Quality Assurance Program for 14C-Urea Breath Testing

Kay Weng Choy, John G. Abcede, John F. Quinn

Research output: Contribution to journalLetterOtherpeer-review


To the Editor:
Helicobacter pylori infection continues to be a major health problem worldwide, causing considerable morbidity and mortality due to peptic ulcer disease and gastric cancer. Urea breath tests (UBTs) have higher diagnostic accuracy than other non-invasive tests for identifying H. pylori (in patients without a history of gastrectomy) (1). Patients as well as healthcare and laboratory workers may have a lower preference for stool-based tests (stool antigen testing) (2).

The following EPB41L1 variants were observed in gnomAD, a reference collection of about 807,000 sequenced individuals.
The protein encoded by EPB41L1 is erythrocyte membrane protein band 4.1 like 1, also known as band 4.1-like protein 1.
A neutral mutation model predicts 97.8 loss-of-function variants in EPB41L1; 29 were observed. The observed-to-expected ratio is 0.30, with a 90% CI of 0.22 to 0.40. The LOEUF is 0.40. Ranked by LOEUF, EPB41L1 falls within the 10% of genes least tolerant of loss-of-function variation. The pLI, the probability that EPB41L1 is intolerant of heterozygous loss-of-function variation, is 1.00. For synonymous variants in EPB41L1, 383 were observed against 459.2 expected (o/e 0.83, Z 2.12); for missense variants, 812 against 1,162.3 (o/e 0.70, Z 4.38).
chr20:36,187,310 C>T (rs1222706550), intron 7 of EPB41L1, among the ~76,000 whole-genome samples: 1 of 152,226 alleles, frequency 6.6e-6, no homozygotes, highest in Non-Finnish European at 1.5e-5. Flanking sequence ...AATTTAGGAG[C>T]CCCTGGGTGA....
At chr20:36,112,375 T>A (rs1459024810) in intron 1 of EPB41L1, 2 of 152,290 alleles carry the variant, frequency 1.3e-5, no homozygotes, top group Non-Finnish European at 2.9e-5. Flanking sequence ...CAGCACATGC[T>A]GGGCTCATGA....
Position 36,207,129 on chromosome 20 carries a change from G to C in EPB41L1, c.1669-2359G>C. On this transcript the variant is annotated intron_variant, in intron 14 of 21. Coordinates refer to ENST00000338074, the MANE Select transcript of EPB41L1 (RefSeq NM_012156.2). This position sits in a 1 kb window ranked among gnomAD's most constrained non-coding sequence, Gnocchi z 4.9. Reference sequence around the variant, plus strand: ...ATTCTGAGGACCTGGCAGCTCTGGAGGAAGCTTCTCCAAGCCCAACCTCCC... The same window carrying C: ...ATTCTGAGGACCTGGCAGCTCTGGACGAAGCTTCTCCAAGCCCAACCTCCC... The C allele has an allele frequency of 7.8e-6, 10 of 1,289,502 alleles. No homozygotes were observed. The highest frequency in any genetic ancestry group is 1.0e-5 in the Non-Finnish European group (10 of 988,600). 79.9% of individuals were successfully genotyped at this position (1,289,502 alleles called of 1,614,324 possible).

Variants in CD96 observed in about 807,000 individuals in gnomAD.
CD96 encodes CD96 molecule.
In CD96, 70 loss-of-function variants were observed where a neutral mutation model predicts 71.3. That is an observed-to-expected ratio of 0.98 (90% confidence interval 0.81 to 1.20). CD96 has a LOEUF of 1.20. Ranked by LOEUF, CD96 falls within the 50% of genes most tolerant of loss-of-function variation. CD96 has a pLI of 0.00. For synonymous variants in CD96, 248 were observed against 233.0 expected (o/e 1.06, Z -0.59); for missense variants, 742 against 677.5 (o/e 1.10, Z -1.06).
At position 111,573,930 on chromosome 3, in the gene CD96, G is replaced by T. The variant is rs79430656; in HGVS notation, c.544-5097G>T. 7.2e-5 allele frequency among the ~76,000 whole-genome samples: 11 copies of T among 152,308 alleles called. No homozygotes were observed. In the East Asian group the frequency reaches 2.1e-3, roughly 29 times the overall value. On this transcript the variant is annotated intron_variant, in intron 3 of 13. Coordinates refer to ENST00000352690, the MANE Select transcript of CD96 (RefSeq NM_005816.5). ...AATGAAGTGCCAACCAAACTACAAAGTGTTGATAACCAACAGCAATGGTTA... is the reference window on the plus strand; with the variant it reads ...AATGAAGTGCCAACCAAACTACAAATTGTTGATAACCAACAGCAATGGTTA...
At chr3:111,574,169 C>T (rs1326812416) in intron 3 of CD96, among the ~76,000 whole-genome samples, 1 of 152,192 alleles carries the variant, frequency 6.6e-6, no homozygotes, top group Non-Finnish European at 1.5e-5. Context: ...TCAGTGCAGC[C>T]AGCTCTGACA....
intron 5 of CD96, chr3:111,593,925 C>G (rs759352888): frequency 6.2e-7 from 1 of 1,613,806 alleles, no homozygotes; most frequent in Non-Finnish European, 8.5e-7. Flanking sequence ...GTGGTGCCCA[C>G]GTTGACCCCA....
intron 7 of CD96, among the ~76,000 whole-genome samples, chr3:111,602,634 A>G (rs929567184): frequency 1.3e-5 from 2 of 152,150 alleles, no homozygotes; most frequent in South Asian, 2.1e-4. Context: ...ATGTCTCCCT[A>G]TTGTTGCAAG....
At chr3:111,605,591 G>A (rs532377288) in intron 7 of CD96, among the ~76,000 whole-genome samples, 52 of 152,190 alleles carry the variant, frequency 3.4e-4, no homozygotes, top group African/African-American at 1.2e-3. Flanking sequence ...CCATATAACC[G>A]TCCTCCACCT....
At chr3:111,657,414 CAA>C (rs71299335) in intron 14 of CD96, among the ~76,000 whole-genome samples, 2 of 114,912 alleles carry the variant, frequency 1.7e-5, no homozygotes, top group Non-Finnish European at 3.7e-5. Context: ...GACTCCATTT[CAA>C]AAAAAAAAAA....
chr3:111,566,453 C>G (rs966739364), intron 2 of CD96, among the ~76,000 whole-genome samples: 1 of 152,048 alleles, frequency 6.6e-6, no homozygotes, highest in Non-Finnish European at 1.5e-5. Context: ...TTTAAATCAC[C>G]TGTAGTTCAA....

While 13C-UBT is often preferred in well-resourced regions, the unit cost of 14C-UBT is lower and the test could be provided at a low cost using a central laboratory “hub-and-spoke” model for service delivery (2). False-positive tests could occur in patients who have hypochlorhydria or may be due to other bacteria with urease activity (3).

The total testing process of 14C-UBT includes collection of a patient breath sample (containing carbon dioxide, CO2), transfer of the breath sample including CO2 to collection fluid, and analysis of 14CO2 by a scintillation counter. The interpretation of results (disintegrations per min, DPM) as suggested by the manufacturer (Tri-Med, Perth, Australia) are: <50 DPM (negative for H. pylori), 50 to 199 DPM (borderline positive), >200 DPM (positive).
Original languageEnglish
Pages (from-to)422-425
Number of pages4
JournalThe Journal of Applied Laboratory Medicine
Issue number2
Publication statusPublished - 1 Mar 2023

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